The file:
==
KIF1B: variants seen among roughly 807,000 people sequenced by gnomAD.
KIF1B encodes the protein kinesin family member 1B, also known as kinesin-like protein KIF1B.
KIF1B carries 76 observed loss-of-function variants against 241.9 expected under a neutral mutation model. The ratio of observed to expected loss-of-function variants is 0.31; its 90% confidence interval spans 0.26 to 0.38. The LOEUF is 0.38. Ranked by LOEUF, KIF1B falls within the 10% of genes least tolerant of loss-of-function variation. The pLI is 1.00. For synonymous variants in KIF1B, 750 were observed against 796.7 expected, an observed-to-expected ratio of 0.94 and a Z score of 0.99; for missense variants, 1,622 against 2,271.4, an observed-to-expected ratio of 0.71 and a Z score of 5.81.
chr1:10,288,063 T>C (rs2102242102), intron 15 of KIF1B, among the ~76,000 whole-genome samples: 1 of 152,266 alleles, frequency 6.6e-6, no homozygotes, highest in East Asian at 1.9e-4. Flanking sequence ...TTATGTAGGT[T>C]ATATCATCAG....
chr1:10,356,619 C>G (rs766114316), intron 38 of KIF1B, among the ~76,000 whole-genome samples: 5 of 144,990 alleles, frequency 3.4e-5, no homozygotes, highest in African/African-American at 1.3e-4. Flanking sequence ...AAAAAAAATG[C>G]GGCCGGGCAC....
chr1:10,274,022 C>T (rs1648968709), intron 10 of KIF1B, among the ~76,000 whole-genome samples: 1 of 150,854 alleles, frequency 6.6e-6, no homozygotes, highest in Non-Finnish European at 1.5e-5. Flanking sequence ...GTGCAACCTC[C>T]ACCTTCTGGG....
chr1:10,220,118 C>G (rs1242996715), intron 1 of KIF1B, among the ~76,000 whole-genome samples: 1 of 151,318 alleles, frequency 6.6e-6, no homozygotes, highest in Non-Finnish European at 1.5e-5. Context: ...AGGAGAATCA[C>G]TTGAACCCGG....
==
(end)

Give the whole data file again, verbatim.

KIF1B: variants seen among roughly 807,000 people sequenced by gnomAD.
KIF1B encodes the protein kinesin family member 1B, also known as kinesin-like protein KIF1B.
KIF1B carries 76 observed loss-of-function variants against 241.9 expected under a neutral mutation model. The ratio of observed to expected loss-of-function variants is 0.31; its 90% confidence interval spans 0.26 to 0.38. The LOEUF is 0.38. Ranked by LOEUF, KIF1B falls within the 10% of genes least tolerant of loss-of-function variation. The pLI is 1.00. For synonymous variants in KIF1B, 750 were observed against 796.7 expected, an observed-to-expected ratio of 0.94 and a Z score of 0.99; for missense variants, 1,622 against 2,271.4, an observed-to-expected ratio of 0.71 and a Z score of 5.81.
chr1:10,288,063 T>C (rs2102242102), intron 15 of KIF1B, among the ~76,000 whole-genome samples: 1 of 152,266 alleles, frequency 6.6e-6, no homozygotes, highest in East Asian at 1.9e-4. Flanking sequence ...TTATGTAGGT[T>C]ATATCATCAG....
chr1:10,356,619 C>G (rs766114316), intron 38 of KIF1B, among the ~76,000 whole-genome samples: 5 of 144,990 alleles, frequency 3.4e-5, no homozygotes, highest in African/African-American at 1.3e-4. Flanking sequence ...AAAAAAAATG[C>G]GGCCGGGCAC....
chr1:10,274,022 C>T (rs1648968709), intron 10 of KIF1B, among the ~76,000 whole-genome samples: 1 of 150,854 alleles, frequency 6.6e-6, no homozygotes, highest in Non-Finnish European at 1.5e-5. Flanking sequence ...GTGCAACCTC[C>T]ACCTTCTGGG....
chr1:10,220,118 C>G (rs1242996715), intron 1 of KIF1B, among the ~76,000 whole-genome samples: 1 of 151,318 alleles, frequency 6.6e-6, no homozygotes, highest in Non-Finnish European at 1.5e-5. Context: ...AGGAGAATCA[C>G]TTGAACCCGG....